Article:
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Thread: Flocking particles?

  1. #31
    Lightwave junkie stevecullum's Avatar
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    I only use cloth FX to scan my MDD's. Then I use Dponts nodes to control them - far more flexible and reliable.
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  2. #32
    Hello!

    This is a recurring problem! I once stumbled upon a possible solution and keep that scene since then! Don't know if you still need it or if it helps in your particular situation, but I am attaching it anyway.

    In short, what I found was that:
    -the attractor radius has to be big enough to include all the particles. If it's too small, any particle that leaves the collision radius will be left behind
    -the boundiness factor (?) is the key in here, going over 100%... but 102% is already too much! I liked 101%, but you can increase the influence to 101.5% or something like that. The best is to control with the other parameters and the emitter motion path itself.

    Hope it helps!

    PS: You have to Calculate it, or you will not see anything special :-)
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  3. #33
    Almost newbie Cageman's Avatar
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    Quote Originally Posted by Mr Rid View Post
    Thats good to know.

    The particular PFX example has a static noise pattern moving thru it, and looks like what can be done in LW.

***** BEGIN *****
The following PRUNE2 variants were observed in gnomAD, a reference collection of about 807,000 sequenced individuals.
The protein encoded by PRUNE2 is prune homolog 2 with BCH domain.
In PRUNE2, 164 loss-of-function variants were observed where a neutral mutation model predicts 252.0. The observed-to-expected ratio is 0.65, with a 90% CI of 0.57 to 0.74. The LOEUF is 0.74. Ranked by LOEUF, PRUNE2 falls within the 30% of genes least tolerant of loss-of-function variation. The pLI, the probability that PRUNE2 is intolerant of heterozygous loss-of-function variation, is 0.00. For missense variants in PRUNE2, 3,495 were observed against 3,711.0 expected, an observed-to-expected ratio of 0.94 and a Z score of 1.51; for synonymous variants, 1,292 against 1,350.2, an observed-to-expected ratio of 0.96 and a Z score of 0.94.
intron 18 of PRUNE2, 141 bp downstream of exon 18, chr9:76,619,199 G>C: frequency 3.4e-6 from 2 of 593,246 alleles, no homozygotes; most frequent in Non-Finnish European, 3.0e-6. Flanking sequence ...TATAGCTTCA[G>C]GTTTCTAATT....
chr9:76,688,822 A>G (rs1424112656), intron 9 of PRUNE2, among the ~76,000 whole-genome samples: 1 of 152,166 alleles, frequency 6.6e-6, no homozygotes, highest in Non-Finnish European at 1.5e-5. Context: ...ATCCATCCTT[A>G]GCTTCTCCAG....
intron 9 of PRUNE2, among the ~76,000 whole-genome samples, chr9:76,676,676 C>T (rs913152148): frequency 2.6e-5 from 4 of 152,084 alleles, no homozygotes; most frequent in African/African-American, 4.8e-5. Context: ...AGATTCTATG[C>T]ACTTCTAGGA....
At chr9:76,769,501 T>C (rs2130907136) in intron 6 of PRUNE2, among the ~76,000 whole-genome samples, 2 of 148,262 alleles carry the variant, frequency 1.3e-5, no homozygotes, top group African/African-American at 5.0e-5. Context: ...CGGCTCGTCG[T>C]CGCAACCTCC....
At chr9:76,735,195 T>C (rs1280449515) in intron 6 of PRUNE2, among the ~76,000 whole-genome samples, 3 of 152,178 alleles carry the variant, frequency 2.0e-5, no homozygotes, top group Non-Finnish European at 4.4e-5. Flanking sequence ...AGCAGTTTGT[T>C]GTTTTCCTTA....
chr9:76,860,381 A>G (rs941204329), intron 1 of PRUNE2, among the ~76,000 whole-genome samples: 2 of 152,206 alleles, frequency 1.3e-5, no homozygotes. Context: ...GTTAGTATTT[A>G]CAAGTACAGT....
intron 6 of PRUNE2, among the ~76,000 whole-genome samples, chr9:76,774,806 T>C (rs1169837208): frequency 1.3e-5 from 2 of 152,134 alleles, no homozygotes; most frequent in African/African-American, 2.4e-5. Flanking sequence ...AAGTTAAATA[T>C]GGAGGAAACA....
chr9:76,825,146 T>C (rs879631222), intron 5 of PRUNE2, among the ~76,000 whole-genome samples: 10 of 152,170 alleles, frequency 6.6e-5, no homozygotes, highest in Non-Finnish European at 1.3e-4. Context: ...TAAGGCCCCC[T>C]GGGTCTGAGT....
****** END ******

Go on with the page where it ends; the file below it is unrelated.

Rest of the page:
Ah..yes... the intention with the pfx was just to show that it is possible to transfer Maya particles to LW, because the rendered version (the fish) is all rendered in Maya mr and the particleanimation was created by Radek.

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  4. #34
    Almost newbie Cageman's Avatar
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    Quote Originally Posted by wildr3d View Post
    Thanks for uploading your pfx, I will need to do this soon and I've been really impressed with Maya-particles. Do you know how long it took to make this sim?
    Well... a couple of hours, maybe... I can track down the content I have and do another conversion and clock it this time. I hope to get back with the info sometime during this weekend.



    EDIT: I will point Lernie Ang to this thread as well. He is the author of Maya2LW2, and he may be able to find another way of converting Maya particles to PFX-files that are alot faster (the current tool is a MEL-script, if I remember correctly).